Wednesday, March 21, 2018

Georgia High School Under Fire For Allowing Churches to Feed Football Team

August 24, 2012 by  
Filed under Monthly Articles, World News


A Wisconsin-based group has accused a Georgia high school football coach of violating the First Amendment by allowing local churches to prepare meals for his team.

The Freedom From Religion Foundation sent a letter to the superintendent of Walker County Schools demanding an “immediate investigation” into Ridgeland High School football coach Mark Mariakis.


The FFRF is a Wisconsin-based group whose purpose is to “protect the constitutional principle of separation between state and church.”

They are demanding the school system launch an investigation into allegations that Coach Mariakis allowed local churches to prepare pre-game meals for his football team. They also allege that the coach prayed with his team, used Bible verses in motivational speeches and on team shirts and participated in the Fellowship of Christian Athletes.

“Taking public school football teams to church, even for a meal, is unconstitutional,” wrote FFRF attorney Andrew Seidel. “This program is an egregious violation of the Establishment Clause and must cease immediately.”

Seidel said taking school children to churches and having ministers “present the Gospel of Jesus Christ” and having the food blessed “shatters the protections the First Amendment put in place.”

The Walker County School system released a statement acknowledging they have received the letter and are reviewing its contents.

The FFRF said a local individual complained about a longstanding tradition of local churches providing meals to the teenage football players on game day. The complainant said a minister would typically deliver remarks “about the Christian religion.”

“The fact that Mariakis visits several churches instead of one does not mitigate the violation,” Seidel wrote.

The Chattanooga Valley Baptist Church is scheduled to provide a meal for the football team in late October.

Richie White, the church’s youth director, said he was quite surprised to hear that an outside group had issues with feeding children.

“It would be interesting to see what part of the Constitution we violated by simply offering a meal to fellow Americans,” he told Fox News. “These are kis from our area that we do love and we do care about.”

White said several members of the church youth group are on the football squad – and it’s been a tradition to show their support for school athletics.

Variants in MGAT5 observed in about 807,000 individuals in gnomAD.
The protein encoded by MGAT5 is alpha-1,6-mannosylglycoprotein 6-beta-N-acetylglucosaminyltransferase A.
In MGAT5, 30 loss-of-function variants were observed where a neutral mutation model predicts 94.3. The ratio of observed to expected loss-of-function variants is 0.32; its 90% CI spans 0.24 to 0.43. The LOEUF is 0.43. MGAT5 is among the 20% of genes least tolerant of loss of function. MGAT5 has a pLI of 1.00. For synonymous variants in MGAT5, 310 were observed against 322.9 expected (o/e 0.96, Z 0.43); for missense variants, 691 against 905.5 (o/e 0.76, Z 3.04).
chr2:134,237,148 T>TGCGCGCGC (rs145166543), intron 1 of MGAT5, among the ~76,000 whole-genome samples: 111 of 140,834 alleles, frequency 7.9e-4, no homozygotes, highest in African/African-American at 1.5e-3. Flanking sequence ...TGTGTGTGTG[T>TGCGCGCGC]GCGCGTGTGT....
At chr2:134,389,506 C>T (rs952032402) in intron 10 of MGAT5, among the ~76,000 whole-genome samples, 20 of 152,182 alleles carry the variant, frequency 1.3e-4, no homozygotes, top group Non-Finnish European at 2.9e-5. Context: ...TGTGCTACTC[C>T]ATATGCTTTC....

“We as Christians don’t force our religion on anyone,” he said, suggesting that perhaps Christians are treated differently.

“We’re being persecuted because we believe there is a God who created us,” White said. “I don’t think there’s an equal playing field because we base our lives and our views on the Scripture.”

Robert Jeffress, the pastor of First Baptist Church in Dallas, Texas, and a national commentator on social issues, said it’s time for Christians to stand up against the attacks from the FFRF.

“The Freedom From Religion Foundation has dedicated itself to perverting the very real First Amendment freedom of religious expression for an imaginary freedom from religious expression,” he told Fox News. “It is time for all Christians to push back against the attempts of atheistic groups and judicial activists to erase our constitutional right of freedom of religious expression.”

Ken Klukowski, special counsel for the Family Research Council said the FFRF has a long history of going after public displays of religion. Their mission, he said is very clear.

“They believe all religious faith is inherently and irredeemably harmful to human society,” Klukowski told Fox News. “It’s not their mission to separate church and state. It’s their mission to eradicate religion from American culture altogether.”

He said the Wisconsin-based group wants a “purely secular environment.”

“They pursue it with a militant zeal that is foreign to most people in this country,” he said.

That may be the case, but according to Klukowski – they may in fact have a case against Ridgeland High School.

“If they are suing on behalf of one of the students, even though they should not prevail, they could,” he said.

It’s unclear based on the letter sent to the school district whether the complainant is a student or member of the local community.

If, for example, the student was a member of the football team and objected to attending a local church, the FFRF could have a case – primarily because of the makeup of the Supreme Court, he said.

“If our law pertaining to religious liberty under the Constitution is anything resembling what it was for the first two centuries of our national life, then they wouldn’t have a prayer,” he added.

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